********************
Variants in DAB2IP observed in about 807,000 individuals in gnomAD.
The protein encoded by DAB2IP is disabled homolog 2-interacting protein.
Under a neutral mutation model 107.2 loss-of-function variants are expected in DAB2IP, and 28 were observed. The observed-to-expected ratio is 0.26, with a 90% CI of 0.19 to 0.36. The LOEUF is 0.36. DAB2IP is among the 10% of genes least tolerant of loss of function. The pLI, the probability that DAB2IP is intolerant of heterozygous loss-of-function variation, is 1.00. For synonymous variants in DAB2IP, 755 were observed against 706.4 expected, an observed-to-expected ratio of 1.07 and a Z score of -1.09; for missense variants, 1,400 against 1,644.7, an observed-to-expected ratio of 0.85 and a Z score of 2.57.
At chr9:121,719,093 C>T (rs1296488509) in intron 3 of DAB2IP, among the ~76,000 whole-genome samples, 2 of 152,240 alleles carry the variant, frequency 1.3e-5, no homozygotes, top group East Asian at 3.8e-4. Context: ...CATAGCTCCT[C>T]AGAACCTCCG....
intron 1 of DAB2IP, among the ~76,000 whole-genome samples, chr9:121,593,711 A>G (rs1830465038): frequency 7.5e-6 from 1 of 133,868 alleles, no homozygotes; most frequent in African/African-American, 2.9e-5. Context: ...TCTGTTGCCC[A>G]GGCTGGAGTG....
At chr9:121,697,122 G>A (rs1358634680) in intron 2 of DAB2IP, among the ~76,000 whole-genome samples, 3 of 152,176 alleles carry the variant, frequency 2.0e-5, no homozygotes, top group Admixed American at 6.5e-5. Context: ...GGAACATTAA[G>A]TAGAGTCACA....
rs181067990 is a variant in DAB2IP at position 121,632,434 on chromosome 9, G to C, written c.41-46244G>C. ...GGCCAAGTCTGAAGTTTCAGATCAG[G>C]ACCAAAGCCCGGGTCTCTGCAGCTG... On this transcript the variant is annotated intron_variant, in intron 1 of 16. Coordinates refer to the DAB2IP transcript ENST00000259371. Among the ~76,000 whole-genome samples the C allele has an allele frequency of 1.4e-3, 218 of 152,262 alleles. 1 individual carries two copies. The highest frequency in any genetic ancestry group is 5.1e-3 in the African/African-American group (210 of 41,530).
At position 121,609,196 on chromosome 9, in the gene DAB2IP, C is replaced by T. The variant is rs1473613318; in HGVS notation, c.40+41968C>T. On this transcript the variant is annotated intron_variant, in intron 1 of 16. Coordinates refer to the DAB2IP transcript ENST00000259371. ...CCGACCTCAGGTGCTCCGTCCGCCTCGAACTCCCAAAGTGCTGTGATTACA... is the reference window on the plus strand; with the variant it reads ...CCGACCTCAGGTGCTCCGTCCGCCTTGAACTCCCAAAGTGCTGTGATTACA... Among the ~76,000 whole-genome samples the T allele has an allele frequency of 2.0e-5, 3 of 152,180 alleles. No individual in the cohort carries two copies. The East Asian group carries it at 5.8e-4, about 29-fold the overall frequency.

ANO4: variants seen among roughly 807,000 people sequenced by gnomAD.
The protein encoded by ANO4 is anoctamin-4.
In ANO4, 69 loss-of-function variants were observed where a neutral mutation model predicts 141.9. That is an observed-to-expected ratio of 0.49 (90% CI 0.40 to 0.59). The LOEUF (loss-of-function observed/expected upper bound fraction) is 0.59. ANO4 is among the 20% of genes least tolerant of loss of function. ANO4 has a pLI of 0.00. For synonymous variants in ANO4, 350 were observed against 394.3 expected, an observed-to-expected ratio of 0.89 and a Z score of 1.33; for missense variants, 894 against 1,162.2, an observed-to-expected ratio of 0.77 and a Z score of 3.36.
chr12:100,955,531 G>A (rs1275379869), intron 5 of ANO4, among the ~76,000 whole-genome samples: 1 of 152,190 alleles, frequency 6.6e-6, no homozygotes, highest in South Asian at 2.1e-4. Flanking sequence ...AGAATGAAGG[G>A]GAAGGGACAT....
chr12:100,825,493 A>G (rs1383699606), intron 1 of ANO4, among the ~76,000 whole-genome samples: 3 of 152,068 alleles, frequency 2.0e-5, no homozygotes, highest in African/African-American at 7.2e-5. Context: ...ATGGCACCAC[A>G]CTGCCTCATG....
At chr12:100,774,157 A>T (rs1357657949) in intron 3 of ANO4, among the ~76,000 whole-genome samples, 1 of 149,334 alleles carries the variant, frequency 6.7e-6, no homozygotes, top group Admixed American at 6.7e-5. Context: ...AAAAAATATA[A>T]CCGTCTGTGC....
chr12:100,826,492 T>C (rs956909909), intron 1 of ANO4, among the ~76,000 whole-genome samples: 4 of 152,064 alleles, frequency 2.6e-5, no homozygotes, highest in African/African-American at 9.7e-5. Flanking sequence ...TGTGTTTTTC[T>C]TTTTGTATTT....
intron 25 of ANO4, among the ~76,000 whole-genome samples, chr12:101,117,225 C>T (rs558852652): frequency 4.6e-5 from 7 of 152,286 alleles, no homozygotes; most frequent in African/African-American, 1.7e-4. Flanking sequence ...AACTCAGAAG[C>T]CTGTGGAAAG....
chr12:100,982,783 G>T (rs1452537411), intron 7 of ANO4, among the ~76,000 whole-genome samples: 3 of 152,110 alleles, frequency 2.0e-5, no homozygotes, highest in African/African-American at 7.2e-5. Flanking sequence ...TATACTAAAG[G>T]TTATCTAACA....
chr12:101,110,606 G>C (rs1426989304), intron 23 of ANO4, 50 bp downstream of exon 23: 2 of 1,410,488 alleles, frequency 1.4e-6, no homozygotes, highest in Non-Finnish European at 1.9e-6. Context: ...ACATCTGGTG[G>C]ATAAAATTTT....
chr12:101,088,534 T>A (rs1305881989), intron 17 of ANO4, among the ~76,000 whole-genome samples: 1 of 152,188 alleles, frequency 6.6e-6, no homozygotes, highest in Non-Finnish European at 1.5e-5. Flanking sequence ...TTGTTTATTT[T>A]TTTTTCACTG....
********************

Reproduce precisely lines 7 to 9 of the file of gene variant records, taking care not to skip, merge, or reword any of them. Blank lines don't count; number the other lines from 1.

rs181067990 is a variant in DAB2IP at position 121,632,434 on chromosome 9, G to C, written c.41-46244G>C. ...GGCCAAGTCTGAAGTTTCAGATCAG[G>C]ACCAAAGCCCGGGTCTCTGCAGCTG... On this transcript the variant is annotated intron_variant, in intron 1 of 16. Coordinates refer to the DAB2IP transcript ENST00000259371. Among the ~76,000 whole-genome samples the C allele has an allele frequency of 1.4e-3, 218 of 152,262 alleles. 1 individual carries two copies. The highest frequency in any genetic ancestry group is 5.1e-3 in the African/African-American group (210 of 41,530).
At position 121,609,196 on chromosome 9, in the gene DAB2IP, C is replaced by T. The variant is rs1473613318; in HGVS notation, c.40+41968C>T. On this transcript the variant is annotated intron_variant, in intron 1 of 16. Coordinates refer to the DAB2IP transcript ENST00000259371. ...CCGACCTCAGGTGCTCCGTCCGCCTCGAACTCCCAAAGTGCTGTGATTACA... is the reference window on the plus strand; with the variant it reads ...CCGACCTCAGGTGCTCCGTCCGCCTTGAACTCCCAAAGTGCTGTGATTACA... Among the ~76,000 whole-genome samples the T allele has an allele frequency of 2.0e-5, 3 of 152,180 alleles. No individual in the cohort carries two copies. The East Asian group carries it at 5.8e-4, about 29-fold the overall frequency.

ANO4: variants seen among roughly 807,000 people sequenced by gnomAD.